Sausalito’s Houseboat Community

Creative Commons Copyright Stephen Sommerhalter

Sausalito Houseboats Creative Commons copyright Stephen Sommerhalter

Sausalito and its famous houseboats have long attracted writers, artists, filmmakers, and radicals to its blue waters and gritty shores on the San Francisco Bay.

The community began in the early part of the 20th century, when the state of California began selling underwater lots as a way to raise money. In Sausalito, they ended up in private hands and marinas were developed. After World War II, decommissioned boats such as landing craft, lifeboats and tugboats were turned into floating homes for people who found it an inexpensive way to live.

In the 1950s and 60s, Anais Nin, Allen Ginsberg, Alan Watts, and the Weather Underground all lived in the community for periods of time. Soul great Otis Redding wrote his signature song “(Sittin’ On) The Dock of the Bay” on a Sausalito houseboat.

“The artists know the secret of freedom,” wrote Anais Nin of the painter John Varda’s ferryboat in Sausalito. “When I left San Francisco he had already acquired a ferryboat from which the motors and wheels had been extracted… with time the ferryboat grew in beauty… He taught me, in San Francisco, to admire a chair which had been whitewashed by the sea to a pure bone color.”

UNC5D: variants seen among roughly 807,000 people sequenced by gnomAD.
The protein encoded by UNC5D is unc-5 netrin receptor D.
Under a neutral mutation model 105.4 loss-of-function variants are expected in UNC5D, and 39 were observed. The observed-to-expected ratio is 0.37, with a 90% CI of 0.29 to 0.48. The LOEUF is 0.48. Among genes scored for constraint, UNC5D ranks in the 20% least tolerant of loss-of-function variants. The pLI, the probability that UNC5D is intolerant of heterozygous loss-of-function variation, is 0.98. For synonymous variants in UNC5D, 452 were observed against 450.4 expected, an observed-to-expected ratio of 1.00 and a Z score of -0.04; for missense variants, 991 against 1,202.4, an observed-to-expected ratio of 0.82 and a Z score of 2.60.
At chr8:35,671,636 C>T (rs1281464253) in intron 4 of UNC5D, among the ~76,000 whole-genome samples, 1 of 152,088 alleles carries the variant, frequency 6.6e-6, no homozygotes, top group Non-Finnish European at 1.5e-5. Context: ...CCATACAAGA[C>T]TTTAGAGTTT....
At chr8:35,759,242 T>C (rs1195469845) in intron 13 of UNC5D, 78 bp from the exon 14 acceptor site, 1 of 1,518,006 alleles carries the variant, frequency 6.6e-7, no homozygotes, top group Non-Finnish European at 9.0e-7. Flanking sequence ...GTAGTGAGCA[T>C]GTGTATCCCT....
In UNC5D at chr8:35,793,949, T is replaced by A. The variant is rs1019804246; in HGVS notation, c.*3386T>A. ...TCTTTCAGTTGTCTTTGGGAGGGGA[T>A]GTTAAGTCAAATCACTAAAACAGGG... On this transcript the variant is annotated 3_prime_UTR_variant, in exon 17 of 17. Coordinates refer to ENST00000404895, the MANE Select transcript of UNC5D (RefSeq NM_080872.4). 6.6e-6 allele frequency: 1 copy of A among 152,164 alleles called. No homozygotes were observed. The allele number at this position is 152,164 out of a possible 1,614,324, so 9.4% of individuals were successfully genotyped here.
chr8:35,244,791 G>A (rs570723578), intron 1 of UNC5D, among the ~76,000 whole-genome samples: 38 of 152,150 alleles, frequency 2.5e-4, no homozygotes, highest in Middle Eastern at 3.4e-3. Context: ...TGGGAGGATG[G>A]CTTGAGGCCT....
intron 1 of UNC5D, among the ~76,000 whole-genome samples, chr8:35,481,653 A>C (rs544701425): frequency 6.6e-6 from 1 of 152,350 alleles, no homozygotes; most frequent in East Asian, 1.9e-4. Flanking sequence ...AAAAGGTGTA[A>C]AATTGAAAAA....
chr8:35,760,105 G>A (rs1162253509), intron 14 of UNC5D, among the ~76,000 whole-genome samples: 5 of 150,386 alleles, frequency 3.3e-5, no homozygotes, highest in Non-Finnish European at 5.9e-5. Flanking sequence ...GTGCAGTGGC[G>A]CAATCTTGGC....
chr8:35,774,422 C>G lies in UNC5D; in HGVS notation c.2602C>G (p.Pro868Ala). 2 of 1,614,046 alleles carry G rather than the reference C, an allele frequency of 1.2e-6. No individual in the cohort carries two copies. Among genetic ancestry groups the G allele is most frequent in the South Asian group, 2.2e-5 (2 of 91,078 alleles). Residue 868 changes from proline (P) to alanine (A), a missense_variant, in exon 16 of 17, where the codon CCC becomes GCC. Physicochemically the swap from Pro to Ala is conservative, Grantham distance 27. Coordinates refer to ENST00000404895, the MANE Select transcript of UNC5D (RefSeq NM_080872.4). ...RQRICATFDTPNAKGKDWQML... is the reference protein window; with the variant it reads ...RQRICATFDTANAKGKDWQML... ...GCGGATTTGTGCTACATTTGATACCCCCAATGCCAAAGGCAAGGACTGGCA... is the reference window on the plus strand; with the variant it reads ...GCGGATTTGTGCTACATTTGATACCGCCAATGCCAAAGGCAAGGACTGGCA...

Today approximately 450 houseboats decorate the Sausalito waterfront, along five different marinas. Current residents include writer Cyra McFadden, visionary entrepreneur Stewart Brand, and dozens of other writers, artists, and creative professionals.

Conceived by Rachel Lehmann-Haupt, a resident author, editor and multi-media producer, along with a multi-talented committee of fellow floaters, Litquake’s Words on the Waves eagerly showcases the North Bay’s contemporary writers, and also pays homage to the historical literary and artistic legacy of the area.

“When people talk about the Sausalito houseboat community, they always talk about the 1960s,” says Lehmann-Haupt. “There is incredible writing and multi-media art happening in this community right now.”